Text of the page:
By the time I get on the bike again, they are but a small speck on the horizon. Again, I am reminded of my solo-ride… After a rest, you always want to warm up and pedal smooth for a while, so I can’t crank up the speed much to catch them. So we just ride with that gap for a while – at least I have somewhat of a challenge and short term goal to pass time away. We ride past the 300km mark, further than most have ridden before. For the first time, we are allowing ourselves to think in terms of a count-down. How many more miles, how many more hours? We get more tired and our butts more sore, but we also grow more determined to make it, we have come too far to abandon this now.
As an additional challenge, we have to ride about 12 miles on a gravel road. Again, Tom did a great job preparing everything and outfitting us with different options and “bail-out” routes, in case the gravel would prove too punishing. But it is rather good – and the bail-out road is worse gravel than ours – so we just keep our heading and continue North.
We wonder where the third support vehicle is – knowing their location from previous phone calls they should be here already. Just as we are getting really thirsty and plan on how to reach the next village with pop-machine, just then Rick’s wife and kids arrive in the support vehicle. She is greeted by 6 sweating, exhausted, but solidly excited bike riders!
We feast on sandwiches, which taste refreshingly different from those by now dreaded power bars and prefer water over gatorade. Your body has an unfailingly simple and direct way of telling you what you need. Just follow the cravings and you’ll hit the right stuff! Several bottles of water and sandwiches later, our morale is pumped up at least as much as our high-pressure bike tires:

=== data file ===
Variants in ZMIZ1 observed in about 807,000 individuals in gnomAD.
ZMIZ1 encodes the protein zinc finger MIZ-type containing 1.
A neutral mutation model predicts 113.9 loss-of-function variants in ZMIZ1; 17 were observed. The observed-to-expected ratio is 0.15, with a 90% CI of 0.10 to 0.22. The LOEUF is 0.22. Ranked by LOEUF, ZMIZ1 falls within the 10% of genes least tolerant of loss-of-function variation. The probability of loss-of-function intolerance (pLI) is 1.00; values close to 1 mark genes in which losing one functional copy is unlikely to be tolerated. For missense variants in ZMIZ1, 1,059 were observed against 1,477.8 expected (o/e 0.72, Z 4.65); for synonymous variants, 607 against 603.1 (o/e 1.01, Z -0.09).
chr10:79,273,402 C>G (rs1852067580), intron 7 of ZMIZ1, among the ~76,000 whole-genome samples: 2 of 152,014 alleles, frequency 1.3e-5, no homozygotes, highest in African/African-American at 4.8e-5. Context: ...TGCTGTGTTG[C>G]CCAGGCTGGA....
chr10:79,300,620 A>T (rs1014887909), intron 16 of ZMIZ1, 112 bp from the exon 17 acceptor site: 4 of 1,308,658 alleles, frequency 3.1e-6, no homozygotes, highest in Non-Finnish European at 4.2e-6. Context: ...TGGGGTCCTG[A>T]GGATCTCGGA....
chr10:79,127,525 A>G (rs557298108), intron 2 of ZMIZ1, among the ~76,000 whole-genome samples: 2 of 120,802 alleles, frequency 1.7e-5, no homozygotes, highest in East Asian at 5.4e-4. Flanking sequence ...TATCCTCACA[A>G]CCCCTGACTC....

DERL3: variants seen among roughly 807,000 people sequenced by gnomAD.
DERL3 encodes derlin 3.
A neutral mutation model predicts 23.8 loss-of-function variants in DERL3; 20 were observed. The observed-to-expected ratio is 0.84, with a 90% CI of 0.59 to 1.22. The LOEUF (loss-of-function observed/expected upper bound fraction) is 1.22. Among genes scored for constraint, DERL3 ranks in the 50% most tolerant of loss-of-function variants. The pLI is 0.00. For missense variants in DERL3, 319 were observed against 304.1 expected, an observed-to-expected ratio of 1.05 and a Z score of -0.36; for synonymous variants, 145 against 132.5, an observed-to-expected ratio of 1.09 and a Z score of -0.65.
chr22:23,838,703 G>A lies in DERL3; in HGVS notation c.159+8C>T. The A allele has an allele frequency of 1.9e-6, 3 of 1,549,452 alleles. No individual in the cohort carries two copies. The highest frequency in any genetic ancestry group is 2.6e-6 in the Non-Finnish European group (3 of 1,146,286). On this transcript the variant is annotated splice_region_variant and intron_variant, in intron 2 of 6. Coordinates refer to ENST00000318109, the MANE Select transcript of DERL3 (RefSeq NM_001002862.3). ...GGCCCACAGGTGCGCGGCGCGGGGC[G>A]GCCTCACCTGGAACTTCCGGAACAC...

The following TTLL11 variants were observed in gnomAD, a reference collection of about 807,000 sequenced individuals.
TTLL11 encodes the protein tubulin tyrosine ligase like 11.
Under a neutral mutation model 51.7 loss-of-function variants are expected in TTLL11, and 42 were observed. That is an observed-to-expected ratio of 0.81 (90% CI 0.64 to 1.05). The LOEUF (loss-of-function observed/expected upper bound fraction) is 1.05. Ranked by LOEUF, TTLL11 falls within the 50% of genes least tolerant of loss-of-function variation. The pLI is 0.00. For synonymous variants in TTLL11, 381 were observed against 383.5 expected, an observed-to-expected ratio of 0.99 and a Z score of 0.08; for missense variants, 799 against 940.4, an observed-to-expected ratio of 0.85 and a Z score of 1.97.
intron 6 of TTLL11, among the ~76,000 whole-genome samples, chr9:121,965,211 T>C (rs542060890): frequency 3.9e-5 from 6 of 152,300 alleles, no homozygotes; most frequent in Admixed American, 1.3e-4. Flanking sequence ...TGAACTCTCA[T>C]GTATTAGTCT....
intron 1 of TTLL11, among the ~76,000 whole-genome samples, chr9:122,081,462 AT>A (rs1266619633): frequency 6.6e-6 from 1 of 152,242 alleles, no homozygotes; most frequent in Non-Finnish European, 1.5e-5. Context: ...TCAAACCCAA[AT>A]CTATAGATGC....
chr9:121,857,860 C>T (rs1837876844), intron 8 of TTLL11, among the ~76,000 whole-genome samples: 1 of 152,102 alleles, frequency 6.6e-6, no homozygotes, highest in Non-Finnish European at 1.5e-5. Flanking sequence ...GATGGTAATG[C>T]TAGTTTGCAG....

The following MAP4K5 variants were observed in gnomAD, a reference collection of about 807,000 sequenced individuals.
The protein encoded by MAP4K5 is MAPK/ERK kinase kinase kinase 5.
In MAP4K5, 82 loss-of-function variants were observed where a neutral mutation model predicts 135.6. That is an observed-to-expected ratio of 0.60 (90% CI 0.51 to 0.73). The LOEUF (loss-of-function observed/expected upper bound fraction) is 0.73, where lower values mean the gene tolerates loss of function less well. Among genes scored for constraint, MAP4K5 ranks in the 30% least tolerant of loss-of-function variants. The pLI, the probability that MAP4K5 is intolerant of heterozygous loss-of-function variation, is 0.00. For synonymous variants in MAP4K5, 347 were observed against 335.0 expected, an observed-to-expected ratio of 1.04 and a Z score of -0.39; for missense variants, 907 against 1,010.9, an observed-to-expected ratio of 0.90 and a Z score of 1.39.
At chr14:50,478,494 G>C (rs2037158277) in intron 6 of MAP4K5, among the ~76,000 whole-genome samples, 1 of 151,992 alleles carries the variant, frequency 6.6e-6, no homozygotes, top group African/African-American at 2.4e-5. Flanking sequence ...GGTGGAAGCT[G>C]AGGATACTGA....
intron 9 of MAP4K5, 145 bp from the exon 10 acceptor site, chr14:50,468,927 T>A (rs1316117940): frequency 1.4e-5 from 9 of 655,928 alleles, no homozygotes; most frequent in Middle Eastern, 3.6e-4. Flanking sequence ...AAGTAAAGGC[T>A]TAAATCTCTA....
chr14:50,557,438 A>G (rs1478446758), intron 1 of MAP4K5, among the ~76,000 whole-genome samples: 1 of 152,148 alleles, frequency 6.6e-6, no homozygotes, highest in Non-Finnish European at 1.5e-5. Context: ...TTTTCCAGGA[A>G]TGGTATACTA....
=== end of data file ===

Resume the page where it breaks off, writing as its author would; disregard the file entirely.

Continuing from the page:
we are getting really close. And we better: The shadows are getting longer and
our butts are now VERY sore – to a point where you pedal standing up more
frequently then before. Then there are more homes, and we seem to be reaching
the outskirts of
Many a compagnion mumbles something about “How far is it?” or “Are we there yet?”. A strange mix of emotions: Exhileration about getting so close that you can almost smell victory, but yet so tired that you’re wondering how to keep going just another 15 minutes! Finally, we pull around a bend in the road and I call everyone for a stop to take THE picture:
We negotiate our way across the Perimeter Beltway and into the city. These guys all smile because of the pain relief from no longer sitting in the saddle – ahhh, it feels so good…
as the support crews are starting to wonder, whether and when we would finally